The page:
The Wax Label Sessions
Grizzled survivors of the 78-rpm era and the early days of LPs may remember the Wax label, but this music is likely to come as a surprise to most listeners. It was made in 1947, the year that bassist Al Hall ran the little company in New York and recruited some of the best mainstream players of the day to record for it. Ben Webster's tenor saxophone is prominent in two quintets: his own and one led by Hall. The Hall session has Webster at his peak of gruff powerhouse swing on "Rose of the Rio Grande" and rhapsodic on a superb version of Benny Carter's "Blues in My Heart." The trumpeter in Hall's band is Dick Vance, a nearly forgotten hero of the swing era.
In Webster's quintet, Vance's counterpart is Bill Coleman, another prominent soloist rarely mentioned today. He is delightful in solo, and in unison with Webster on the quasi-boppish line fashioned for an uptempo treatment of Irving Berlin's "All Alone." One of the many rewards of this collection is that on half the tracks the drummer is Denzil Best, one of the instrument's greatest brush artists. Another highlight is that Jimmy Jones, a pianist of exquisite touch and harmonic sense, is featured extensively.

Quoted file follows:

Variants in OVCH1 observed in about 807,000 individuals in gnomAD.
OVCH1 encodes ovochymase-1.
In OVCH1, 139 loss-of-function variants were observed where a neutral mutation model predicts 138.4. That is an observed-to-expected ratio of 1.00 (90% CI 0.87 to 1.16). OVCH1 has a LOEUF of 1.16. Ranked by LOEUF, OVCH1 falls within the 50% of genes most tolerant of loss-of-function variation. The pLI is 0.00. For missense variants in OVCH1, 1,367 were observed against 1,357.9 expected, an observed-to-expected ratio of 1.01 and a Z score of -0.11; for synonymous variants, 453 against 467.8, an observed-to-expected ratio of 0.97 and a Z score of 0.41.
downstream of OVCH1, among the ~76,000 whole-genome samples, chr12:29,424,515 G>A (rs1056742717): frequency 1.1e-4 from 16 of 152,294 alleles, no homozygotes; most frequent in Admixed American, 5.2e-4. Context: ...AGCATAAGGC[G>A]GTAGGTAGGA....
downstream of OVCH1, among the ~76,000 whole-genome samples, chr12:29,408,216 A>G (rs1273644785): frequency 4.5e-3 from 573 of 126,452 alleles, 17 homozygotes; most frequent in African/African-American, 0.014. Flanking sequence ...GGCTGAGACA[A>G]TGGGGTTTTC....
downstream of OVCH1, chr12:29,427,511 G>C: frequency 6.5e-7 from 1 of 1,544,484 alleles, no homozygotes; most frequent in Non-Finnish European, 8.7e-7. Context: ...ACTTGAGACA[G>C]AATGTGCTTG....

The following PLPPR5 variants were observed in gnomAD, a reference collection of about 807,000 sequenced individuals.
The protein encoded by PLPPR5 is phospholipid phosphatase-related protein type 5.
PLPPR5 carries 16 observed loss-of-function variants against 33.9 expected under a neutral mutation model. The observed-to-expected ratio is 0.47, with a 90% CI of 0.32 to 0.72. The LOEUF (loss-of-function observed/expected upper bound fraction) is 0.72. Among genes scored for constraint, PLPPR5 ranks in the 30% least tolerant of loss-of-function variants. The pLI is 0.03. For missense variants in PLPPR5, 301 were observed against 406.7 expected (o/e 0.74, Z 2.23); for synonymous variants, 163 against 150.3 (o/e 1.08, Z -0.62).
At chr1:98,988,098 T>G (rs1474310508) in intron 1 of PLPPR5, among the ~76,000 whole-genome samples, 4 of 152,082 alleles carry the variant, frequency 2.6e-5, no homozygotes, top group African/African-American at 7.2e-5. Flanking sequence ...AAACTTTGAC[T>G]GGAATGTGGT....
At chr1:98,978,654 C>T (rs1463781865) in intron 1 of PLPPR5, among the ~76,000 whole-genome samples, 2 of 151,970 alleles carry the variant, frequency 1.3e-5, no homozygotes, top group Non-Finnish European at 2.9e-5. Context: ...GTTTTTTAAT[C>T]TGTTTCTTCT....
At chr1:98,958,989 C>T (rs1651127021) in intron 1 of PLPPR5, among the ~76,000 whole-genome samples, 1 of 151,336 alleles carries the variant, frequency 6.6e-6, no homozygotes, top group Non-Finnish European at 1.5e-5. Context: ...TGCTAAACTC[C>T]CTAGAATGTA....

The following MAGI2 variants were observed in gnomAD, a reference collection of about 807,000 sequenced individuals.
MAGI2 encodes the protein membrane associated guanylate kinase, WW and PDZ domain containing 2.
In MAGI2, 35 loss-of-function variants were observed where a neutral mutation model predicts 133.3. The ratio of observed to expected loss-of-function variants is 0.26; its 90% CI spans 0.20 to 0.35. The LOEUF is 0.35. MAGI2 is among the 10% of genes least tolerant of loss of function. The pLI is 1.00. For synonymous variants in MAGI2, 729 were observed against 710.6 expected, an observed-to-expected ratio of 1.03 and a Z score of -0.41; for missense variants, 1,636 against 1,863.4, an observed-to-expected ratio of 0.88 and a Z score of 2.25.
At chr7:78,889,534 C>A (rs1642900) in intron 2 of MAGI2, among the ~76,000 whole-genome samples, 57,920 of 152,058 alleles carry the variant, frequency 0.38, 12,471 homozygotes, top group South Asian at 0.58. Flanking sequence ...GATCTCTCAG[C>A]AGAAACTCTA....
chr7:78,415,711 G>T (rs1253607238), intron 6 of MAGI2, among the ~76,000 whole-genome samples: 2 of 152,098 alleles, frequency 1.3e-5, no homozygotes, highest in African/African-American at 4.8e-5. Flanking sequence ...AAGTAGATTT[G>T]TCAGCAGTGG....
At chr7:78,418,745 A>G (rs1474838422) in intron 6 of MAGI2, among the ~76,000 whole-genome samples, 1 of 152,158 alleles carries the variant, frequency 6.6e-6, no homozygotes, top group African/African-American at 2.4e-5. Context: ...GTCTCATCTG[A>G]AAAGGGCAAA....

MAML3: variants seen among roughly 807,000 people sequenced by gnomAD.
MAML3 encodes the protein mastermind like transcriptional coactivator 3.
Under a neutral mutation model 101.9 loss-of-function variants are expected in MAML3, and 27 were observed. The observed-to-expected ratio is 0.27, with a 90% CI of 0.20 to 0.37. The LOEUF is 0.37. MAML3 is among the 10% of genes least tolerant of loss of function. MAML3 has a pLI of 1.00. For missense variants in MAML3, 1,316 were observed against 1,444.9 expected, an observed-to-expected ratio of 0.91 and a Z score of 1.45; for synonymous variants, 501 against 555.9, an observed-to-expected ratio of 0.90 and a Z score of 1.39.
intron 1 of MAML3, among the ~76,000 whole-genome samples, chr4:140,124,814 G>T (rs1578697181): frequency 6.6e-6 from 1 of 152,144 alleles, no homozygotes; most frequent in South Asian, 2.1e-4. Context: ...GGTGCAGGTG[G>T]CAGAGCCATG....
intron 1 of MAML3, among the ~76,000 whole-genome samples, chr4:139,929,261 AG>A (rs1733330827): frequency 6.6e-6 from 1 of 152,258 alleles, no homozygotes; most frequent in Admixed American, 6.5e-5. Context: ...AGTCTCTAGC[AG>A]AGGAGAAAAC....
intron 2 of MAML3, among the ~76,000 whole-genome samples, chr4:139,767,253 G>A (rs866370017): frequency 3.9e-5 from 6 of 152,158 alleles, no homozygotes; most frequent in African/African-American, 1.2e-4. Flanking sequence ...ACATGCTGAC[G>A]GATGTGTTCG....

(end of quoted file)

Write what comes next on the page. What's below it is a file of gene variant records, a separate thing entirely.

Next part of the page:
Ellingtonians abound, among them Johnny Hodges, Harry Carney, Lawrence Brown, Billy Strayhorn and Otto Hardwick. Hodges' unusual slow treatment of "You're Driving Me Crazy" and Brown's sensuous reading of the melody of Carter's "Key Largo" are highlights of this welcome CD.